Henry Day

Henry Day is writing his doctoral dissertation on Lucan, Seneca and the sublime at Trinity College, Cambridge. He was only recently an intern at the LRB.


Bias at the BBC

24 September 2020

Writing about recent right-wing attacks on the BBC, William Davies mentions the latest manufactured furore surrounding the Last Night of the Proms and the singing of ‘Rule, Britannia!’ (LRB, 24 September). But the title of the song was given without its comma. Was the omission a Freudian slip? In any case, given the aspirations of Rupert Murdoch and Brexit’s cheerleaders, it seemed apposite.

Brexit Blues

20 June 2019

William Davies writes that a no deal Brexit is ‘the default outcome if nothing else can be agreed on’ (LRB, 20 June). Although it seems to be assumed by all sides that this is the case, there is an alternative legal interpretation of the way Article 50 operates. On 10 February 2017 the QCs David Edward, Francis Jacobs, Jeremy Lever, Helen Mountfield and Gerry Facenna published what is now known...
From The Blog
7 June 2013

You can hardly turn a corner in Passau without stepping into a church. The town has dozens of them, large and small, old and new, some of them empty, most of them full. This is, after all, deepest Bavaria, the heartland of German Catholicism. The last pope was born a few miles up river in the village of Marktl am Inn.

From The Blog
10 June 2009

Circumstantial evidence suggests the traditional left is alive and well in Berlin. My neighbourhood is full of posters printed with Marx's picture and slogans such as 'Marx is Back' and 'Permanent Crisis: we're not paying!' Thanks to the recession, Kreuzberg's May Day demonstrations were livelier than they've been for some time: more flaming mattresses, more paint-bombed buildings, more arrests. And at the Freie Universitaet the only party with any discernible campaign presence in the run up to the European elections was the uncompromisingly anti-capitalist Die Linke, a part-successor to East Germany's old SED.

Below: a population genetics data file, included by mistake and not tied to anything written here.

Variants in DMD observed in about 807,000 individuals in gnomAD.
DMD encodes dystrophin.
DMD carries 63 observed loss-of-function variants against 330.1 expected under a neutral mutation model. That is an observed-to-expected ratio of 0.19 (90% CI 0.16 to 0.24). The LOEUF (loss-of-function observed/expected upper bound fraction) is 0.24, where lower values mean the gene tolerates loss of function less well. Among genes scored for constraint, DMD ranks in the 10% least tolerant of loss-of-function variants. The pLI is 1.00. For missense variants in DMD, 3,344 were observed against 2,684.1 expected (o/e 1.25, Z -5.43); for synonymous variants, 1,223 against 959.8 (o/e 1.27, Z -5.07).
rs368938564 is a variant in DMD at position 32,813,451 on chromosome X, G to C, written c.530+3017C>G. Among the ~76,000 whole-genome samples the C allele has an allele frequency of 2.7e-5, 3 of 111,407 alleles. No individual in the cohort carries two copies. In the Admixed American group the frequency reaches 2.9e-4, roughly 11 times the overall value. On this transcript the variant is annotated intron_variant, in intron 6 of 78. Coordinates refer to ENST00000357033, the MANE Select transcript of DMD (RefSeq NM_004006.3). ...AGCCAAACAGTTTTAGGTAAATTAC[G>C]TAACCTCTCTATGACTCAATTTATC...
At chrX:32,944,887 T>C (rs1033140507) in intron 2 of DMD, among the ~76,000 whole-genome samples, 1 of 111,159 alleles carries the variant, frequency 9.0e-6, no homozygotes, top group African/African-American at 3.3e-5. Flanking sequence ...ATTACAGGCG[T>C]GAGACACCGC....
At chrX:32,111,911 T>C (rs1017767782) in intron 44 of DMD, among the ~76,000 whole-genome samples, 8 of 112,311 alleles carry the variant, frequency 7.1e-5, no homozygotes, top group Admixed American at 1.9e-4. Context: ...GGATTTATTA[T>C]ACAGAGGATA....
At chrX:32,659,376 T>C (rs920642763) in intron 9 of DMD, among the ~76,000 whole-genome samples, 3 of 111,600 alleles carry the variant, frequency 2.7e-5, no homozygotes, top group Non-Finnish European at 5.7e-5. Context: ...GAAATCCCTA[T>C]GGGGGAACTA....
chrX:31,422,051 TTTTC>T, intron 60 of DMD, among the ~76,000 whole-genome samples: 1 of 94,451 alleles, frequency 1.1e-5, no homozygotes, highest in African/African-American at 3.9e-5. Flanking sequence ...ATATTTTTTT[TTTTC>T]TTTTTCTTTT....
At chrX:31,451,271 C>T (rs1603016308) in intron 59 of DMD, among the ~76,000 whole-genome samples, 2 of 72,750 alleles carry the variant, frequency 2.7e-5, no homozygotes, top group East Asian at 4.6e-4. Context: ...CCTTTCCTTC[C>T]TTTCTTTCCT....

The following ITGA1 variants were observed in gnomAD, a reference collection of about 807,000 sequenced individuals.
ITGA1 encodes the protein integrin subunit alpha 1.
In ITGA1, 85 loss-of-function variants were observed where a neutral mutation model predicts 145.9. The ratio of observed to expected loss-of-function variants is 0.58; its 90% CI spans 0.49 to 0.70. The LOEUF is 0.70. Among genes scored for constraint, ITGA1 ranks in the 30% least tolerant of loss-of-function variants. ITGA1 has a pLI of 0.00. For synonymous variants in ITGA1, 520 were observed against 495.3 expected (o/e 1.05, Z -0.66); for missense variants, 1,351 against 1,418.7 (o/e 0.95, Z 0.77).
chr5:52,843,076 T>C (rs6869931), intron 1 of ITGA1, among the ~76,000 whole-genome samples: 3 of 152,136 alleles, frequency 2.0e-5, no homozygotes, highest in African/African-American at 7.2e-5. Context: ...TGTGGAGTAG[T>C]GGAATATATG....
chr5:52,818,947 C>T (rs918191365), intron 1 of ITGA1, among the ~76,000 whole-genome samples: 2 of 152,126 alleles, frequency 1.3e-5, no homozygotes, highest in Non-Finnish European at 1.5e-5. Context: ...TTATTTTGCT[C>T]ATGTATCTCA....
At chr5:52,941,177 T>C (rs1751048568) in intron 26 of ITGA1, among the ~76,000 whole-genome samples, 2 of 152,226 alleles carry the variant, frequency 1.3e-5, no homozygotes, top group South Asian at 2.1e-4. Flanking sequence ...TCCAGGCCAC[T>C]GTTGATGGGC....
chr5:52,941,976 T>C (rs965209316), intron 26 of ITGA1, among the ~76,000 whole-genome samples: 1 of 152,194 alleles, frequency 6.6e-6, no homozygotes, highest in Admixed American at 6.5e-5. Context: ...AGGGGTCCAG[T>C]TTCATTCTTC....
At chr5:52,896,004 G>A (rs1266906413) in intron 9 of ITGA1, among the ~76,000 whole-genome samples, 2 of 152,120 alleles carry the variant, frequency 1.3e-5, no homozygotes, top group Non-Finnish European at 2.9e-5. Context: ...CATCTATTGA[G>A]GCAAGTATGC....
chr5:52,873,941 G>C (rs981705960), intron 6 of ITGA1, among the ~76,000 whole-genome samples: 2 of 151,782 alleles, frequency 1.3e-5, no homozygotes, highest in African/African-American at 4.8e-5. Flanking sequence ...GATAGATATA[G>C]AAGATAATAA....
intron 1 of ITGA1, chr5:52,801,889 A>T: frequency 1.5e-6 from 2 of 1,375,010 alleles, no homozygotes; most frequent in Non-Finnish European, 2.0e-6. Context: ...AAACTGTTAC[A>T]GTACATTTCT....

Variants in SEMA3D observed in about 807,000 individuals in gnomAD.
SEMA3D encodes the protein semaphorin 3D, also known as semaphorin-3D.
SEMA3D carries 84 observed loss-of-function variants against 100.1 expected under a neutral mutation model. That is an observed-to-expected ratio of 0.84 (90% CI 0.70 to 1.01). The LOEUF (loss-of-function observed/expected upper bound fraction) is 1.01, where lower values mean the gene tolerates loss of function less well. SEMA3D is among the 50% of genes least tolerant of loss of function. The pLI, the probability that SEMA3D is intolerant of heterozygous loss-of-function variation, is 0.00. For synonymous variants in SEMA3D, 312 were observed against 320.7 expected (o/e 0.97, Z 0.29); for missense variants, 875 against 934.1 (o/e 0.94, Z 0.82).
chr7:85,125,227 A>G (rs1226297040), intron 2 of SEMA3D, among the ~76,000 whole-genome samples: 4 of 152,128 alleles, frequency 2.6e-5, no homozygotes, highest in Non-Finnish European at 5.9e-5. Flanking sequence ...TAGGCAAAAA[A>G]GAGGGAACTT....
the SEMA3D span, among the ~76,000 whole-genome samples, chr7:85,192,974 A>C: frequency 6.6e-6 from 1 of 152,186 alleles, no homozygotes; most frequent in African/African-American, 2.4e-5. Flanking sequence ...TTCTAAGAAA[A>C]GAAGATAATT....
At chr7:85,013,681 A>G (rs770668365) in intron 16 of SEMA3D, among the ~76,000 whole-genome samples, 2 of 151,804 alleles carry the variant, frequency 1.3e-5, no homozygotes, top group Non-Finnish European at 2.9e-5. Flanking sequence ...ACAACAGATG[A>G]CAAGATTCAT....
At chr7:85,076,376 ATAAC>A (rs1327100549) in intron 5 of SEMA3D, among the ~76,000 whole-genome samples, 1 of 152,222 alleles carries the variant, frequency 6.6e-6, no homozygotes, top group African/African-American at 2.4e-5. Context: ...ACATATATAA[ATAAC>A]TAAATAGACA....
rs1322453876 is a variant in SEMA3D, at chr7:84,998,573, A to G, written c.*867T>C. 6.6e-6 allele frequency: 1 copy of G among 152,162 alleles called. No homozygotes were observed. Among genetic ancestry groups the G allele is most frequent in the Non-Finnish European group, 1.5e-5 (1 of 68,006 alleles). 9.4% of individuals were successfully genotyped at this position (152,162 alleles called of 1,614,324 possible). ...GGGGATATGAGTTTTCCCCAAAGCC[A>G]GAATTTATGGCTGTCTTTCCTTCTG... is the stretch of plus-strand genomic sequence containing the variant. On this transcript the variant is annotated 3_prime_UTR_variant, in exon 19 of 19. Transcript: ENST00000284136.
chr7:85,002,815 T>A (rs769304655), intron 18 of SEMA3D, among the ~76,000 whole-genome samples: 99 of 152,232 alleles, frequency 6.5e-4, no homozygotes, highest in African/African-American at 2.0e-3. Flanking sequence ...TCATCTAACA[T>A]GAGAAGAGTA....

Being Greek: Up Country with Xenophon

Henry Day, 2 November 2006

The Anabasis, as The Expedition of Cyrus is often called, stands out among classical Greek texts for the glimpses it offers of Hellenes encountering a baffling and often dangerous alien world. A mishmash of military memoir, travelogue and biography, it’s also the most detailed description we have of Greek soldiers on campaign. The story opens with the rebellion in 401 BC of the Persian...

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